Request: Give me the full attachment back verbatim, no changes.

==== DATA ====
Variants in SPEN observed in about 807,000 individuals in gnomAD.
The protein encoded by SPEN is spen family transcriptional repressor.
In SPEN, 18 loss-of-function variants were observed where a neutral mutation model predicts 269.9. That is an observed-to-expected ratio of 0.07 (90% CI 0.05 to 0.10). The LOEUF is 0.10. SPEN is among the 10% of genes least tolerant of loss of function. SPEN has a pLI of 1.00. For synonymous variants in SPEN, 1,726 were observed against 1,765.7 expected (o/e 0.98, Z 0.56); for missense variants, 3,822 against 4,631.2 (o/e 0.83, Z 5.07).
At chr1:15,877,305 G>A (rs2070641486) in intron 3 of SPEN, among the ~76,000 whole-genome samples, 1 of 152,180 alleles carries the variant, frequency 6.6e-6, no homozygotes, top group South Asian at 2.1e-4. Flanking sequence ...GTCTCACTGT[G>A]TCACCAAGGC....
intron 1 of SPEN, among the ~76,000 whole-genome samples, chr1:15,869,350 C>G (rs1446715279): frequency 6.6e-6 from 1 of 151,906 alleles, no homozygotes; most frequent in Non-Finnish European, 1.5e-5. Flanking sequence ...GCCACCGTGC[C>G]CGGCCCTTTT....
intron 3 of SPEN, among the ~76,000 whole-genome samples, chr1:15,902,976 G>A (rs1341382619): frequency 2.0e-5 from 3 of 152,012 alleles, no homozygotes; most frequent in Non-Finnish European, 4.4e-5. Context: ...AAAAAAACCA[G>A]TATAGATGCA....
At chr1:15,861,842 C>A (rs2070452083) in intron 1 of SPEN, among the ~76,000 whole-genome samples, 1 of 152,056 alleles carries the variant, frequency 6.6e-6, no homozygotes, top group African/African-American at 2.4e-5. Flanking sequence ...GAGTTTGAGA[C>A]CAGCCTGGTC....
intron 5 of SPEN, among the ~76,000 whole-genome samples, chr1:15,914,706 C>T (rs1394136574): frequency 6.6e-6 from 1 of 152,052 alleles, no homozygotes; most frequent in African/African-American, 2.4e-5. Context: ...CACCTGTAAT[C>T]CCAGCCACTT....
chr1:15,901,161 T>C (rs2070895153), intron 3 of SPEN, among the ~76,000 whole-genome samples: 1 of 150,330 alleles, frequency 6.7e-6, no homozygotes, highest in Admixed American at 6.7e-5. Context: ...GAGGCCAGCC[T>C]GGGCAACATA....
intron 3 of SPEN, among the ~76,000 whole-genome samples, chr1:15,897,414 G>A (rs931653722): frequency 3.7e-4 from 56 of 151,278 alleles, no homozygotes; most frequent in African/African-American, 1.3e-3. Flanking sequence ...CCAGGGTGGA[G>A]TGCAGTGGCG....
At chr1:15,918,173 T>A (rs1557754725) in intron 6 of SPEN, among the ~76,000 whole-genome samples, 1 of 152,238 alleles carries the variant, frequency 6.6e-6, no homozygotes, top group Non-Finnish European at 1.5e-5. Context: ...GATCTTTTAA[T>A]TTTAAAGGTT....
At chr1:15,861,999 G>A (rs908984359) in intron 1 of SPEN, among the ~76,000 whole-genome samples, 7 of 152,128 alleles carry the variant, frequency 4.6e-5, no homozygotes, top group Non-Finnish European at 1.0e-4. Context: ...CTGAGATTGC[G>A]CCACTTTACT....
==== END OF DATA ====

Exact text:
Variants in SPEN observed in about 807,000 individuals in gnomAD.
The protein encoded by SPEN is spen family transcriptional repressor.
In SPEN, 18 loss-of-function variants were observed where a neutral mutation model predicts 269.9. That is an observed-to-expected ratio of 0.07 (90% CI 0.05 to 0.10). The LOEUF is 0.10. SPEN is among the 10% of genes least tolerant of loss of function. SPEN has a pLI of 1.00. For synonymous variants in SPEN, 1,726 were observed against 1,765.7 expected (o/e 0.98, Z 0.56); for missense variants, 3,822 against 4,631.2 (o/e 0.83, Z 5.07).
At chr1:15,877,305 G>A (rs2070641486) in intron 3 of SPEN, among the ~76,000 whole-genome samples, 1 of 152,180 alleles carries the variant, frequency 6.6e-6, no homozygotes, top group South Asian at 2.1e-4. Flanking sequence ...GTCTCACTGT[G>A]TCACCAAGGC....
intron 1 of SPEN, among the ~76,000 whole-genome samples, chr1:15,869,350 C>G (rs1446715279): frequency 6.6e-6 from 1 of 151,906 alleles, no homozygotes; most frequent in Non-Finnish European, 1.5e-5. Flanking sequence ...GCCACCGTGC[C>G]CGGCCCTTTT....
intron 3 of SPEN, among the ~76,000 whole-genome samples, chr1:15,902,976 G>A (rs1341382619): frequency 2.0e-5 from 3 of 152,012 alleles, no homozygotes; most frequent in Non-Finnish European, 4.4e-5. Context: ...AAAAAAACCA[G>A]TATAGATGCA....
At chr1:15,861,842 C>A (rs2070452083) in intron 1 of SPEN, among the ~76,000 whole-genome samples, 1 of 152,056 alleles carries the variant, frequency 6.6e-6, no homozygotes, top group African/African-American at 2.4e-5. Flanking sequence ...GAGTTTGAGA[C>A]CAGCCTGGTC....
intron 5 of SPEN, among the ~76,000 whole-genome samples, chr1:15,914,706 C>T (rs1394136574): frequency 6.6e-6 from 1 of 152,052 alleles, no homozygotes; most frequent in African/African-American, 2.4e-5. Context: ...CACCTGTAAT[C>T]CCAGCCACTT....
chr1:15,901,161 T>C (rs2070895153), intron 3 of SPEN, among the ~76,000 whole-genome samples: 1 of 150,330 alleles, frequency 6.7e-6, no homozygotes, highest in Admixed American at 6.7e-5. Context: ...GAGGCCAGCC[T>C]GGGCAACATA....
intron 3 of SPEN, among the ~76,000 whole-genome samples, chr1:15,897,414 G>A (rs931653722): frequency 3.7e-4 from 56 of 151,278 alleles, no homozygotes; most frequent in African/African-American, 1.3e-3. Flanking sequence ...CCAGGGTGGA[G>A]TGCAGTGGCG....
At chr1:15,918,173 T>A (rs1557754725) in intron 6 of SPEN, among the ~76,000 whole-genome samples, 1 of 152,238 alleles carries the variant, frequency 6.6e-6, no homozygotes, top group Non-Finnish European at 1.5e-5. Context: ...GATCTTTTAA[T>A]TTTAAAGGTT....
At chr1:15,861,999 G>A (rs908984359) in intron 1 of SPEN, among the ~76,000 whole-genome samples, 7 of 152,128 alleles carry the variant, frequency 4.6e-5, no homozygotes, top group Non-Finnish European at 1.0e-4. Context: ...CTGAGATTGC[G>A]CCACTTTACT....